However, there are a few track duds — especially on the back half of the album. On “Secrets from a Girl (Who’s Seen it All),” the catchy chorus and occasional lyrical gem are not enough to save the track from the laughable, lengthy airline-themed outro by Robyn with lyrics like, “Your emotional baggage can be picked up at carousel number two / Please be careful so it doesn’t fall onto someone you love,” being unbearably on the nose. Along with the out-of-nowhere, political interlude “Leader of a New Regime,” these two tracks largely contribute to the back half of the album being disorientingly scattered. While songs like “The Path” accurately demonstrates Lorde’s bright-burning lyricism and strong songwriting skills that are present throughout the entire album, “Solar Power” ultimately lacks the cohesion of her previous works.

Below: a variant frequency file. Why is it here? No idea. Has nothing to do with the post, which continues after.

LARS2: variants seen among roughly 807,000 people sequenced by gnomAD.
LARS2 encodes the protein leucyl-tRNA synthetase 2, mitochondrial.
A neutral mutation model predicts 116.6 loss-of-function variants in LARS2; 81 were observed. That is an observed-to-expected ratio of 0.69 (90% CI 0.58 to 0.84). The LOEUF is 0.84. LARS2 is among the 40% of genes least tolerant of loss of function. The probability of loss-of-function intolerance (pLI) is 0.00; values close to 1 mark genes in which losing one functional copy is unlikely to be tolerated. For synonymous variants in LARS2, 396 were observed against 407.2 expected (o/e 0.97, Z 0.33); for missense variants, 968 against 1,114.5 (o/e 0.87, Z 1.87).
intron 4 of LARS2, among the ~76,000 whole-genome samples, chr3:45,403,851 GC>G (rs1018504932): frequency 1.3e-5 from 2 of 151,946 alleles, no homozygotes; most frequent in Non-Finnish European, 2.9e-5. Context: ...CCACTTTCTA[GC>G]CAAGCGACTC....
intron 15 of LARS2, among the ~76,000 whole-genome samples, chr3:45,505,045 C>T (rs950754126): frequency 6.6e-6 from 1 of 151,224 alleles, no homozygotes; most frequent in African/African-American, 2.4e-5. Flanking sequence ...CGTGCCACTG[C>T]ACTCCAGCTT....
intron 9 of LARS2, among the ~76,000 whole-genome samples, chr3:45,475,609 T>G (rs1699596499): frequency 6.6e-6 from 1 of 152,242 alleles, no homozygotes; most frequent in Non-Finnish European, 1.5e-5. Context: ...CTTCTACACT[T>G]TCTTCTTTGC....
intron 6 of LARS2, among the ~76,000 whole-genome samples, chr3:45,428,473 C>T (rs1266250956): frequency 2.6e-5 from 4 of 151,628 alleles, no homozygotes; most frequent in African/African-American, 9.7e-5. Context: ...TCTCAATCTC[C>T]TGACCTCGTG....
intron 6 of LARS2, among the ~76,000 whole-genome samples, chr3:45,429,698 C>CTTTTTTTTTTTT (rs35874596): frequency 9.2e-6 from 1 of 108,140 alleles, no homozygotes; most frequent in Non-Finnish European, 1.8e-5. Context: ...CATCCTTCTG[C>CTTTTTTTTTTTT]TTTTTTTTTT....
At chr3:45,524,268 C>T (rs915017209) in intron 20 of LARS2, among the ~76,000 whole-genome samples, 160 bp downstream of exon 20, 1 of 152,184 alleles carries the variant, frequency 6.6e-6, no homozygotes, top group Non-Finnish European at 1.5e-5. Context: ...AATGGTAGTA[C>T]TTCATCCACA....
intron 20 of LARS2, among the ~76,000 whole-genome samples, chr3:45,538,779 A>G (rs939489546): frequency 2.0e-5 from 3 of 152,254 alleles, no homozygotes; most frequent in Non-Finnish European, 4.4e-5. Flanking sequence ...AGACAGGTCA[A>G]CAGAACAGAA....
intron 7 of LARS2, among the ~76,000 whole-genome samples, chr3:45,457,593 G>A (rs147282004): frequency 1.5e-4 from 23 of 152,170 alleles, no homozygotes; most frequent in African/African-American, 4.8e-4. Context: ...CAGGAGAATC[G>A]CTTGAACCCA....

Nonetheless, despite its occasional tracklist duds and flaws with cohesion, “Solar Power” is still largely enjoyable due to Lorde’s fantastic songwriting abilities and Antonoff’s perfectly matched production. Each track has standout lyrics and sonically sounds great. While many of the album’s themes are underdeveloped, they are effectively executed whenever they are brought to light.
In “Solar Power,” the lyrics and sound manage to shine through the album’s cloudy cohesion.